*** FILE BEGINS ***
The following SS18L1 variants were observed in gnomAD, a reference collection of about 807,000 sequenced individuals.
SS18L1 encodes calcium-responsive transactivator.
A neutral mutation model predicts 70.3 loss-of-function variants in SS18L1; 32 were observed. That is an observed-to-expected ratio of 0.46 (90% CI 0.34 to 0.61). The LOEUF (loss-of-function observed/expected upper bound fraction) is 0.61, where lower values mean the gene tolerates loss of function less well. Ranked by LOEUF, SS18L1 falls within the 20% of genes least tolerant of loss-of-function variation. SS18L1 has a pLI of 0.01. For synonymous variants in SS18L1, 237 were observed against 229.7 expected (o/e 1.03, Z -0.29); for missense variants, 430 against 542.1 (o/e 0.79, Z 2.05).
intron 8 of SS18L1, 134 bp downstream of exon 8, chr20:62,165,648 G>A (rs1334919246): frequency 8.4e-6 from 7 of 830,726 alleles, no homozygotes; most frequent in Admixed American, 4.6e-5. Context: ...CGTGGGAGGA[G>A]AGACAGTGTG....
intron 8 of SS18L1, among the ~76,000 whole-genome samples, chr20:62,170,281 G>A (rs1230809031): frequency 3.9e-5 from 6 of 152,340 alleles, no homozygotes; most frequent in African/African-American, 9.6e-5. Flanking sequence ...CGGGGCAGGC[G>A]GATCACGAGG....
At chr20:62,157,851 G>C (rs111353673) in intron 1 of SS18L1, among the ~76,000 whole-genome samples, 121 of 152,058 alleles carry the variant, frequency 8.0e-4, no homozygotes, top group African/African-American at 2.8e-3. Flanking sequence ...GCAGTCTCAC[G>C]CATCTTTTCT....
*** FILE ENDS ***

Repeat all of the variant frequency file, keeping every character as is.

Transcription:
The following SS18L1 variants were observed in gnomAD, a reference collection of about 807,000 sequenced individuals.
SS18L1 encodes calcium-responsive transactivator.
A neutral mutation model predicts 70.3 loss-of-function variants in SS18L1; 32 were observed. That is an observed-to-expected ratio of 0.46 (90% CI 0.34 to 0.61). The LOEUF (loss-of-function observed/expected upper bound fraction) is 0.61, where lower values mean the gene tolerates loss of function less well. Ranked by LOEUF, SS18L1 falls within the 20% of genes least tolerant of loss-of-function variation. SS18L1 has a pLI of 0.01. For synonymous variants in SS18L1, 237 were observed against 229.7 expected (o/e 1.03, Z -0.29); for missense variants, 430 against 542.1 (o/e 0.79, Z 2.05).
intron 8 of SS18L1, 134 bp downstream of exon 8, chr20:62,165,648 G>A (rs1334919246): frequency 8.4e-6 from 7 of 830,726 alleles, no homozygotes; most frequent in Admixed American, 4.6e-5. Context: ...CGTGGGAGGA[G>A]AGACAGTGTG....
intron 8 of SS18L1, among the ~76,000 whole-genome samples, chr20:62,170,281 G>A (rs1230809031): frequency 3.9e-5 from 6 of 152,340 alleles, no homozygotes; most frequent in African/African-American, 9.6e-5. Flanking sequence ...CGGGGCAGGC[G>A]GATCACGAGG....
At chr20:62,157,851 G>C (rs111353673) in intron 1 of SS18L1, among the ~76,000 whole-genome samples, 121 of 152,058 alleles carry the variant, frequency 8.0e-4, no homozygotes, top group African/African-American at 2.8e-3. Flanking sequence ...GCAGTCTCAC[G>C]CATCTTTTCT....